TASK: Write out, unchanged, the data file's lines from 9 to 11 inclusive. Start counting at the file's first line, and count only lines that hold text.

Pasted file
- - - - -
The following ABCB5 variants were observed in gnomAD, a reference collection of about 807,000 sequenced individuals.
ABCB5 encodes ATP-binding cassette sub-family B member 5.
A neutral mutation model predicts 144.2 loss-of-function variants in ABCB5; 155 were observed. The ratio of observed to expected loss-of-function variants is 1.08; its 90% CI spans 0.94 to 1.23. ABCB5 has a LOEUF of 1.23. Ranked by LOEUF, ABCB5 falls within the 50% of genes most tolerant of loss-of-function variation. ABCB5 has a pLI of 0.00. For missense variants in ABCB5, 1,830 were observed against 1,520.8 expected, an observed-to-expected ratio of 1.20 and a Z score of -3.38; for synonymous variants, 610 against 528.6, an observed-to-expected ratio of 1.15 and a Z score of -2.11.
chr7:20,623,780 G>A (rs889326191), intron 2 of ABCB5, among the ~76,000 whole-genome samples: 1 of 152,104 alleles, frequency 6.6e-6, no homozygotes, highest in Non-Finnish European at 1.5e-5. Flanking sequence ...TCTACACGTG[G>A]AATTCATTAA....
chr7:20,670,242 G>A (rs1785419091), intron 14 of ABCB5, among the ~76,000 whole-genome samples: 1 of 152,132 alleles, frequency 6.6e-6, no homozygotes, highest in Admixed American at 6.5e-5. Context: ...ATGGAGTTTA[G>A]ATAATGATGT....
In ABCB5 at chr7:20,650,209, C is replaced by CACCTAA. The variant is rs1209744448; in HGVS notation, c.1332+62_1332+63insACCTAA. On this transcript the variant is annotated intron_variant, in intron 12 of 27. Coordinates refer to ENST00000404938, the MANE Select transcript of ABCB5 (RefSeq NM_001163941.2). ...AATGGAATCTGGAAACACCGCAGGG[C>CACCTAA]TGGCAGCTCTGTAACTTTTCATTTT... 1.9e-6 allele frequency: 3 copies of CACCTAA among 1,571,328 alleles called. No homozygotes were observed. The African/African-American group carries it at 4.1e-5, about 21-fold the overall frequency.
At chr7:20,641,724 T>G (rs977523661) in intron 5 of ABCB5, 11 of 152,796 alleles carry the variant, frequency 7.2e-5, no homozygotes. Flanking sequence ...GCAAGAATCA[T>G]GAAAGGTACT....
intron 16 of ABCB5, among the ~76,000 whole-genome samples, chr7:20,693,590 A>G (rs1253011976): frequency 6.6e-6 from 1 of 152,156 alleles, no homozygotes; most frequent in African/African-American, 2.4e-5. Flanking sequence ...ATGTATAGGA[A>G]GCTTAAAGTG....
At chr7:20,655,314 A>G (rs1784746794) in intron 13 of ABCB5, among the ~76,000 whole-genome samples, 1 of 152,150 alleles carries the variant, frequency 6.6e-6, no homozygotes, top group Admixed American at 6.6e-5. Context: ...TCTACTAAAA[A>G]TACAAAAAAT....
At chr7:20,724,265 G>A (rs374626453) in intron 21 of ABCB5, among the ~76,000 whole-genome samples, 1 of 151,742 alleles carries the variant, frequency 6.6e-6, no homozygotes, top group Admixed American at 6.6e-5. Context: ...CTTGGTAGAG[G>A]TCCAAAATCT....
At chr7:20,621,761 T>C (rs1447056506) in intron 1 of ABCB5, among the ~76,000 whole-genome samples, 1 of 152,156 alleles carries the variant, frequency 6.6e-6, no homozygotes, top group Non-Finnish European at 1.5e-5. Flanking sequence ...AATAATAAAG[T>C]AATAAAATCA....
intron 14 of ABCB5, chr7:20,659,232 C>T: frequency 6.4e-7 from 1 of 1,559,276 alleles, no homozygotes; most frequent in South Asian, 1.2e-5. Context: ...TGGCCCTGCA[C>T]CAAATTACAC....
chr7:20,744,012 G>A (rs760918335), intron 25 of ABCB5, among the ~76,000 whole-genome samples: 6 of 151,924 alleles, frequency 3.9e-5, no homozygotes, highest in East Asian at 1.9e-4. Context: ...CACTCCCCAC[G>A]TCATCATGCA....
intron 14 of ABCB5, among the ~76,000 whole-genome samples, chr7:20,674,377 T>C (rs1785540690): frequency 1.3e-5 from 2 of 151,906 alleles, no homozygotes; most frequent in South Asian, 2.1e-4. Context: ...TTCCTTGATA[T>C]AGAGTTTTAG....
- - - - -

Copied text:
At chr7:20,655,314 A>G (rs1784746794) in intron 13 of ABCB5, among the ~76,000 whole-genome samples, 1 of 152,150 alleles carries the variant, frequency 6.6e-6, no homozygotes, top group Admixed American at 6.6e-5. Context: ...TCTACTAAAA[A>G]TACAAAAAAT....
At chr7:20,724,265 G>A (rs374626453) in intron 21 of ABCB5, among the ~76,000 whole-genome samples, 1 of 151,742 alleles carries the variant, frequency 6.6e-6, no homozygotes, top group Admixed American at 6.6e-5. Context: ...CTTGGTAGAG[G>A]TCCAAAATCT....
At chr7:20,621,761 T>C (rs1447056506) in intron 1 of ABCB5, among the ~76,000 whole-genome samples, 1 of 152,156 alleles carries the variant, frequency 6.6e-6, no homozygotes, top group Non-Finnish European at 1.5e-5. Flanking sequence ...AATAATAAAG[T>C]AATAAAATCA....